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The Lost Traveller by Antonia White

The Lost Traveller (1950)

by Antonia White

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the lost traveller

This was my final read for August, and I must say I absolutely loved it. Antonia White is mainly known for her quartet of novels which began with Frost In May, which was the first ever Virago Modern Classic. I re-read Frost in May about two years ago and although I enjoyed it – there was something a little disturbing about the story of the breaking of a young girl’s spirit. I have now collected each of the remaining three books of the quartet together – and I am so glad that I have.

In The Lost Traveller (which is apparently very autobiographical) Nada Grey of Frost in May has become Clara Batchelor – and The Five Wounds School has become Mount Hilary, but they are essentially the same place.
As the novel opens in 1914 Clara is fourteen, her paternal grandfather has just died, and with her father Claude grief stricken at the demise of the parent he had undeservedly put on a pedestal – Clara is called home from her Catholic boarding school for the funeral. Clara’s mother Isabel is a strange cool creature, irritated by her mother-in-law – she adores her daughter – but feels Clara’s reserve toward her very keenly. Clara both adores and fears her father; terrified of his disapproval she does what she can to please him.

At the heart of this novel is the complex relationship between Clara and her parents. Clara is an only child of Catholic converts, Claude a respected school master, and Isabel a fragile beauty whose ancestors were quite grand. Claude is ambitious for Clara – with a scholarship to Cambridge in mind for her, Isabel is less keen on the idea of a bluestocking daughter, wanting her only to be beautiful. Just as he worshiped his father, Claude worships his wife; Clara resents her, hating the way she speaks to Claude and her grandmother. The relationship between Clara and her father verges on the ever so slightly disturbing, Clara is a daddy’s girl, and yet the relationship with her father doesn’t always bring her happiness, at one moment revelling in a shared confidence or appreciation of a piece of music – the next made miserable by one of Claude’s dreadful rages.

“Oh thank you, Daddy. You do look magnificent,” she said, pinning on her flowers and gazing at him with admiration. Evening clothes suited him; they set off his fairness and made him seem taller. Never, she thought, had she seen him looking so young and handsome.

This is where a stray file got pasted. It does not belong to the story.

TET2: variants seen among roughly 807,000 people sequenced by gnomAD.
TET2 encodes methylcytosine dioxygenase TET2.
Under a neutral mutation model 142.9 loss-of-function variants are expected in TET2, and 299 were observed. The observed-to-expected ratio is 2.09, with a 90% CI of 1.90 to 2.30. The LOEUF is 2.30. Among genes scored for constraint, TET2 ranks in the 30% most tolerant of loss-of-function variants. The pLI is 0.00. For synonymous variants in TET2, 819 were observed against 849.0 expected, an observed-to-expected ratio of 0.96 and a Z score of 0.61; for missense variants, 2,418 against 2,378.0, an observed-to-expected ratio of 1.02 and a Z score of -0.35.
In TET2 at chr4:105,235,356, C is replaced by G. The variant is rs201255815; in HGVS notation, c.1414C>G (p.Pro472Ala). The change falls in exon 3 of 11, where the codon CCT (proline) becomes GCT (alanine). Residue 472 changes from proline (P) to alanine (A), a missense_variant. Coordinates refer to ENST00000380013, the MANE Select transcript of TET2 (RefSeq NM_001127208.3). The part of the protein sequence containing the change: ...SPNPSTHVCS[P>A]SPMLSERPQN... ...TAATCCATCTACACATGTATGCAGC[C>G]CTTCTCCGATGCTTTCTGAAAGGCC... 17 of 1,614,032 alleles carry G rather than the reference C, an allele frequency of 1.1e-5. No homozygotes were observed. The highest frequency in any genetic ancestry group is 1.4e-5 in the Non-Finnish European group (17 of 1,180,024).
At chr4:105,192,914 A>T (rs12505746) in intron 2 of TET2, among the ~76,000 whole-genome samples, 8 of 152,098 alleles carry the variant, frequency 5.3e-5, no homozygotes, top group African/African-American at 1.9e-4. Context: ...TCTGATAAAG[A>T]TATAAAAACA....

She giggled with sheer happiness.
“I never thought I’d go to the opera with you in your opera hat, I do feel grand.”
He offered his arm.
“Your carriage is waiting.”
To her amazement, it was no mere taxi but a hired car with a chauffeur in livery. A hired car was the very greatest of luxuries associated only with the most solemn family feasts such as her parents’ wedding anniversary. Never before had he ordered one just for Clara.
“Daddy you are spoiling me,” She said, leaning back on the thick grey cushions.”

Clara is irritated and even repelled by her mother’s affection. Isabel knows only too well the realities of a Catholic marriage, she wants her daughter to marry, but insists she must marry for love, in her terrible ignorance of the facts of life; Clara is bound to misunderstand her mother. Isabel is a wonderfully drawn character, often unhappy and jealous of Clara and Claude’s relationship. The one thing that Clara and Isabel seem to agree on is Pagets Fold, the Sussex country home of Claude’s family, a small house with 40 acres, where his two spinster aunts live in a sort of caretaker role. Clara and Isabel love the aunts and for Clara, Pagets Fold represents an idyll to which she looks forward to returning each summer holiday.

Shortly after the death of her grandfather, Clara is forced to leave her Catholic boarding school – that has become a blissful haven from home life – as her father can no longer pay the fees following a mysterious illness of her mother’s which resulted in high doctor’s fees. Clara will spend her final year of schooling and subsequent sixth form at a protestant day school. Saddened at the loss of her friend Nicole de Savigny – who Clara instinctively knows she will be unable to keep up with – their social orbits being of an entirely different kind, Clara fears her removal from the place where she feels safe. However at her new school Clara makes two particularly good friends, who serve to help Clara develop at little bit of spirit and creative flare. No longer quite as buttoned up, Clara starts to blossom, and is no longer quite sure that Cambridge is for her. On the brink of womanhood, and in the middle of the Great War – Clara leaves her family to spend six months as a governess in a good Catholic home, where she will be treated as one of the family and able to re-connect with her Catholic upbringing. Here Clara is supremely happy, reverting almost to childhood in her antics with her young charge. However when the first really tragic event of her young life comes along, Clara is really tested. Clara needs to work out how to heal herself and move forward. ( )
  Heaven-Ali | Sep 2, 2013 |
The Lost Traveller is a continuation of the story that was told in Frost in May; although the names have changed (“Nanda” is now “Clara”), the characters are essentially the same. When her grandfather passes away, Clara is sent home from her convent school. The reader watches her grow into adulthood, strongly influenced by her Catholic parents, while the first world war rages. The Lost Traveller is the first of a proper trilogy that continues with The Sugar House and Beyond the Glass.

Clara has a rather intense relationship with her parents, particularly her father, and a lot of the novel focuses on how she struggles with reconciling her childhood with her future, as uncertain as it is. As with Antonia White’s other novels, the theme and story are based on personal experience; White was heavily influenced by her Catholic upbringing, as is Clara. There’s more fiction in The Lost Traveller than there is in Frost in May (Clara’s relationship with Charles is an example). Therefore, the characters are much more fully developed and seen more objectively from the reader’s point of view. When I first started reading this book, I thought it was going to be yet another coming of age story, but I was pleasantly surprised. There’s so much depth to the story and its implications. ( )